Iconic legend of Black Shuck celebrated with new festival
- Credit: Brittany Woodman
A local team of artists and councillors hosted a festival in Bungay town centre to celebrate the famous tale of the Bungay Black Shuck.
The Black Shuck Festival is a celebration of the historical legend that has lent itself to centuries of artistic imaginings and the unique character of Bungay.
The East Anglian legend recounts how, during a dry lightning storm on the evening of August 4, 1577, a wild black dog entered Bungay's St Mary's Church, attacking and killing four worshippers, and then vanished.
The animal on the same evening is said to then have reappeared in Blythburgh, mauling more innocents at the Holy Trinity Church where the beast was trapped and what are said to be Black Shuck's claw marks can still be seen, burned into the surface of the front door.
Event organiser, internationally acclaimed portrait artist Stuart Pearson Wright, said: "I wanted to start an annual festival and create a massive bronze sculpture of the black shuck and mount it in the centre of town.
"We organised the event on a budget of just £700 and the celebration of Bungay's history was at the heart of the event, we wanted to claim the black shuck as Bungay's own, the shuck is an iconic name.
"After Covid we have all had a few bad years, I just thought we could either all sit around and mope about it, or be positive and come together by creating a festival which celebrates a local folklore story about a form of werewolf.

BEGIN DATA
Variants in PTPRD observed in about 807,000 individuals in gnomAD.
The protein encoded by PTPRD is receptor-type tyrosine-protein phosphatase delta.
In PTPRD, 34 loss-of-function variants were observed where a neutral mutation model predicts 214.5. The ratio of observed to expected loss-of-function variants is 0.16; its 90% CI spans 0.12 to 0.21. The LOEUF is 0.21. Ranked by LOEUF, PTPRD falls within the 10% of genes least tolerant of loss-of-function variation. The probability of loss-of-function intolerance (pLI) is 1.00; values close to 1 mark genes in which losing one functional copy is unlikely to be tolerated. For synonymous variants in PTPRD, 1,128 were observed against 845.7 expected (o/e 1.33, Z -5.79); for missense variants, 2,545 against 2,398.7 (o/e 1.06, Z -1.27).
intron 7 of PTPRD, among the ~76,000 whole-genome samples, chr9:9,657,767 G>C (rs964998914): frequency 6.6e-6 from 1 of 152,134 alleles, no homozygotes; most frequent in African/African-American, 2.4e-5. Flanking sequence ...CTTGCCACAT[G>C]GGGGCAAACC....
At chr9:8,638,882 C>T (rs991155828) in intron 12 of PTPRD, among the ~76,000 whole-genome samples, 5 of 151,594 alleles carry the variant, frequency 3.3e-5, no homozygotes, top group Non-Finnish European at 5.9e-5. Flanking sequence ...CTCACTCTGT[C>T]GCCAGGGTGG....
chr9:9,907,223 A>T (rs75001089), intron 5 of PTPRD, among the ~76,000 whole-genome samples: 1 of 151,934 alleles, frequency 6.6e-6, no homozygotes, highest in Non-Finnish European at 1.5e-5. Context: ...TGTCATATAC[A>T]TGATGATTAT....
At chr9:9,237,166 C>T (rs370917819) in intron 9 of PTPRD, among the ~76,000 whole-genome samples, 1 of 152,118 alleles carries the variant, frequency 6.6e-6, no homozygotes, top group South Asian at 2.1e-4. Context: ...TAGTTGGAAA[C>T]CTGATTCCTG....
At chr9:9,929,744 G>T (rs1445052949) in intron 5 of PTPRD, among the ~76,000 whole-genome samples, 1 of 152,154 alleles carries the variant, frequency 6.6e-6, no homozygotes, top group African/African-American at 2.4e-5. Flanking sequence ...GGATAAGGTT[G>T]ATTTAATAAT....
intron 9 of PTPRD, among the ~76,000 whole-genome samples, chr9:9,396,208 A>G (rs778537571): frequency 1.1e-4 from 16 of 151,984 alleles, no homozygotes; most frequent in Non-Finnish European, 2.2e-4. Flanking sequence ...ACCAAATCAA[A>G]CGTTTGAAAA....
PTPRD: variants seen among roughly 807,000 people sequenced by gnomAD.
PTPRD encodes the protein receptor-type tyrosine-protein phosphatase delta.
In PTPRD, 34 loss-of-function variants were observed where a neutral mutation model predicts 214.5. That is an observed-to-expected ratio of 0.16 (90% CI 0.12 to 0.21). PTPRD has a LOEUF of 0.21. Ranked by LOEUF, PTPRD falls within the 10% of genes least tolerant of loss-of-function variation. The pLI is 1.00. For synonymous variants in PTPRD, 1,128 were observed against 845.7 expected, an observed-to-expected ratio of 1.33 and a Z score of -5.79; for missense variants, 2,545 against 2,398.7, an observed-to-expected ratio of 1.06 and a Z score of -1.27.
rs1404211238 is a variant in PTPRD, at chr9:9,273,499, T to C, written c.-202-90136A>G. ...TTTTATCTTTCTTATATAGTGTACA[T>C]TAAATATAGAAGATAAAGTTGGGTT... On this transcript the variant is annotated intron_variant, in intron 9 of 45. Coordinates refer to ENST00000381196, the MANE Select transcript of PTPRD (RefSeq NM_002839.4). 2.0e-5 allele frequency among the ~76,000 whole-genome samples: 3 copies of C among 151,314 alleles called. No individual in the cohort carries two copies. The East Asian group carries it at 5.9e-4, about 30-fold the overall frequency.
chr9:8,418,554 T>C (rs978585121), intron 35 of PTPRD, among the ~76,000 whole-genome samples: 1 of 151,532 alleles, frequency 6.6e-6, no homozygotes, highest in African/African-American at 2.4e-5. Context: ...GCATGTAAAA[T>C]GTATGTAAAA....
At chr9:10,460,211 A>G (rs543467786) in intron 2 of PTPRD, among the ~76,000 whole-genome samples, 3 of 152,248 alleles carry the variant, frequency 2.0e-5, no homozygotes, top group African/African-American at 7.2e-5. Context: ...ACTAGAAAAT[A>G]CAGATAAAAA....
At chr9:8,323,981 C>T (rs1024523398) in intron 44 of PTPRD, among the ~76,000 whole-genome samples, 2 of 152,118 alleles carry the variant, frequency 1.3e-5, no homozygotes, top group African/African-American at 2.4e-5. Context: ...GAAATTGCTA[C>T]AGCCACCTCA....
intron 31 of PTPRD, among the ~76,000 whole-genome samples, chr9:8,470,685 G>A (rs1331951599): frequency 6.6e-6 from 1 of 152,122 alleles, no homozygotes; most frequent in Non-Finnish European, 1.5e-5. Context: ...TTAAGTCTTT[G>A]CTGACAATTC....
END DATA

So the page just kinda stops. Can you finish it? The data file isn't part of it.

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"How many towns have such a unique story to tell, that's why I think we need a huge bronze sculpture here and we need to tell this story every year.
"I have huge plans for this festival in the coming years of running a weekend festival, and believe the potential of telling this tale to be boundless and great for the town."
Artist and illustrator James Mayhew said: "This is a hugely significant event for Bungay.
"We know the date, we know the year, we know what happened, we know the legend.
"The potential has been sitting there for decades. Whitby has Dracula, Bungay has the Black Shuck.
"The beauty of tales and folklore is that it unites generations, and from this marvellous turn out, we see that everyone loves a story - you're never too old to listen to a story.
"It is a great unifying thing."
Some people in attendance claim to even have seen the famous black shuck.
Artist and member of the organising committee Spag Hopkins described his "encounter" with the beast.
He said: "Aye in very truth I have seen the Black Shuck, albeit in North Essex.
"I hit the beast in my cart one evening, it rolled down the road in a steaming heap. This woman got out of the cottage to talk to the beast and it stood, then disappeared into the night.
"I returned the following day to find the cottage and remonstrate with the woman but I couldn't find it.
"It was a massive, big, big, beast, like a huge fat black Labrador, very very overweight and hugely powerful."
Bungay Town Reeve Olly Barnes said: "I was absolutely pleased to welcome Stuart's idea of the Shuck festival and delighted to help out, the local folklores and history of the town is something we need to celebrate and take pride in.
"It is great getting so many people out in the centre of Bungay, and I am sure it will get bigger every year."